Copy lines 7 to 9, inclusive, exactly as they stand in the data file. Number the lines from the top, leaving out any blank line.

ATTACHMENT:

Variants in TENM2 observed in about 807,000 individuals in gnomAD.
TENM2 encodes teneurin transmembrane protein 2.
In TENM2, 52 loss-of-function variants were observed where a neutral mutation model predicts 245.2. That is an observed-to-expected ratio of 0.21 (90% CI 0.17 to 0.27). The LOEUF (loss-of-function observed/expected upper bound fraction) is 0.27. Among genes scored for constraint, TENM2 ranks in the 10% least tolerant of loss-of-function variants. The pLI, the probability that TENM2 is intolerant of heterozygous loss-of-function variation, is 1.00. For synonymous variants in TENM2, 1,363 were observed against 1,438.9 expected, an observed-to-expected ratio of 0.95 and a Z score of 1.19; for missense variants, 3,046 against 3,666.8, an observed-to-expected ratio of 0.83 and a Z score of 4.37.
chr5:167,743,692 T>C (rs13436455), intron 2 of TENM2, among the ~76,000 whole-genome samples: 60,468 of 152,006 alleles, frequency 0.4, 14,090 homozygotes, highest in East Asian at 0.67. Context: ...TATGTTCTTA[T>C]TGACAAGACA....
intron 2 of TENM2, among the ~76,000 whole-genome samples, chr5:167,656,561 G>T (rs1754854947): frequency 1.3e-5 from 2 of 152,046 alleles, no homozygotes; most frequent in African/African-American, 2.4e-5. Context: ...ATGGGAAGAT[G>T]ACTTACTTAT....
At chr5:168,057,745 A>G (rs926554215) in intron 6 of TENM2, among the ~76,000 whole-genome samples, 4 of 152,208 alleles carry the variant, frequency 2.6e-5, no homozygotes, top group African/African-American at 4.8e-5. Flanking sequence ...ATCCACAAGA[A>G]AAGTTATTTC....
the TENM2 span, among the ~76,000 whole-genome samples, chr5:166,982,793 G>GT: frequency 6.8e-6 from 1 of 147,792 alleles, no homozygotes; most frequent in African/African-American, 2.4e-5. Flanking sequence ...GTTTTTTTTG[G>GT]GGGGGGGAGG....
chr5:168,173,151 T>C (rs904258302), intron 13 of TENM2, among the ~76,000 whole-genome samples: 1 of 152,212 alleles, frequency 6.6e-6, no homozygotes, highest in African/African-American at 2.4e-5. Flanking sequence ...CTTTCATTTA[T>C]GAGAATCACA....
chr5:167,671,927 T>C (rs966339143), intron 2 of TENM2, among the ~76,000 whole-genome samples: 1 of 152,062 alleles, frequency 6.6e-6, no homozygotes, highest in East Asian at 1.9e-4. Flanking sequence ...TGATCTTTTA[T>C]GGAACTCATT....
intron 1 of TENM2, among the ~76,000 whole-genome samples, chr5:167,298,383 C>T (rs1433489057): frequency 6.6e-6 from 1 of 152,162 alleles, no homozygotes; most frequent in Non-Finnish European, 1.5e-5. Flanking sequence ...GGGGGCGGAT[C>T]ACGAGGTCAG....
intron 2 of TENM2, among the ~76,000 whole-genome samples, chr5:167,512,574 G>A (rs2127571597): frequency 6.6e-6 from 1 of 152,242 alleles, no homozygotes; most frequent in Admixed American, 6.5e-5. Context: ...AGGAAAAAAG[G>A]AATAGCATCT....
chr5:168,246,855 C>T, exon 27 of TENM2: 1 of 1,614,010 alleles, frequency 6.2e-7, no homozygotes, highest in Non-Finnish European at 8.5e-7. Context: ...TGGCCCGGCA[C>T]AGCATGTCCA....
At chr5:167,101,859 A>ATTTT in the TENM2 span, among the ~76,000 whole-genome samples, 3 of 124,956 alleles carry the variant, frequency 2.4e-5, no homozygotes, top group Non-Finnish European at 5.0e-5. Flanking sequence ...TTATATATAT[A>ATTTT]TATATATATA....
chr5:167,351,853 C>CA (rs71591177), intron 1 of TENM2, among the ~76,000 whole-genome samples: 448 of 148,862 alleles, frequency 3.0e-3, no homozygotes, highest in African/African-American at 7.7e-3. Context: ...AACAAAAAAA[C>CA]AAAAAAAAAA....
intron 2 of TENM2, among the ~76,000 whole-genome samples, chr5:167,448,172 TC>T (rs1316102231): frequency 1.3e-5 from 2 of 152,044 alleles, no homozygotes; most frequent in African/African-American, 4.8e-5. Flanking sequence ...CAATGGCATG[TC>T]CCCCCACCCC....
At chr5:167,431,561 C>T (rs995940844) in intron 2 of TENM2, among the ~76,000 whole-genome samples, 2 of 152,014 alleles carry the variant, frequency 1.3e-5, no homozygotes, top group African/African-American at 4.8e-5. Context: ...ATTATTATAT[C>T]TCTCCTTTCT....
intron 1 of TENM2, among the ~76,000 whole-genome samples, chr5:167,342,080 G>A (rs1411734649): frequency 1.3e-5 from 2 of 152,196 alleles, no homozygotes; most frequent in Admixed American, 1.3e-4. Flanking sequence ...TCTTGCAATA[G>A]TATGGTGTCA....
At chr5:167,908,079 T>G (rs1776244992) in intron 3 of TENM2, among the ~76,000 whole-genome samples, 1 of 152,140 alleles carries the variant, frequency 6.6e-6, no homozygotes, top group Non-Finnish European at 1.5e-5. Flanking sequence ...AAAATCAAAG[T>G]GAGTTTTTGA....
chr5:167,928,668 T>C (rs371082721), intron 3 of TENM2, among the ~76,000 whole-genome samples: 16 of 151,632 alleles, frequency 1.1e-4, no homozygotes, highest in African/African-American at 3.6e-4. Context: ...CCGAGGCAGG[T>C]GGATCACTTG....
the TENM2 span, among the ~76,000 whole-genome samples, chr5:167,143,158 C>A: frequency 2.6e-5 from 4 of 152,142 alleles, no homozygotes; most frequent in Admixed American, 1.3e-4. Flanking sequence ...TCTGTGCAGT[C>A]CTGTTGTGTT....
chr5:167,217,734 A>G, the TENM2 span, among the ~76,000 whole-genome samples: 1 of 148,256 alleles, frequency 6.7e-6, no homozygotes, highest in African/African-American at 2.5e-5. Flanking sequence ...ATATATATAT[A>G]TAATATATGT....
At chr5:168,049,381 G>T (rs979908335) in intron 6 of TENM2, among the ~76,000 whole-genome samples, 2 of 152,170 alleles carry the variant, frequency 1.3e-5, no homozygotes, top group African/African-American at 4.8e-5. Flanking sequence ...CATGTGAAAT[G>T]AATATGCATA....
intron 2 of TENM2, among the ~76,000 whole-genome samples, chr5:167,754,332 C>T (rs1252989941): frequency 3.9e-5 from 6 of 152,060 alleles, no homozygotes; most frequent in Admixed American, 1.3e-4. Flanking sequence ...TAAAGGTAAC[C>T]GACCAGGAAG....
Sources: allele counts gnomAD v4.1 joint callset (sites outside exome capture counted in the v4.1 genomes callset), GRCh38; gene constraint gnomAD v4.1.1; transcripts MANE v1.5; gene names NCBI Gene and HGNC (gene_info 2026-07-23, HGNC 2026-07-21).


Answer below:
the TENM2 span, among the ~76,000 whole-genome samples, chr5:166,982,793 G>GT: frequency 6.8e-6 from 1 of 147,792 alleles, no homozygotes; most frequent in African/African-American, 2.4e-5. Flanking sequence ...GTTTTTTTTG[G>GT]GGGGGGGAGG....
chr5:168,173,151 T>C (rs904258302), intron 13 of TENM2, among the ~76,000 whole-genome samples: 1 of 152,212 alleles, frequency 6.6e-6, no homozygotes, highest in African/African-American at 2.4e-5. Flanking sequence ...CTTTCATTTA[T>C]GAGAATCACA....
chr5:167,671,927 T>C (rs966339143), intron 2 of TENM2, among the ~76,000 whole-genome samples: 1 of 152,062 alleles, frequency 6.6e-6, no homozygotes, highest in East Asian at 1.9e-4. Flanking sequence ...TGATCTTTTA[T>C]GGAACTCATT....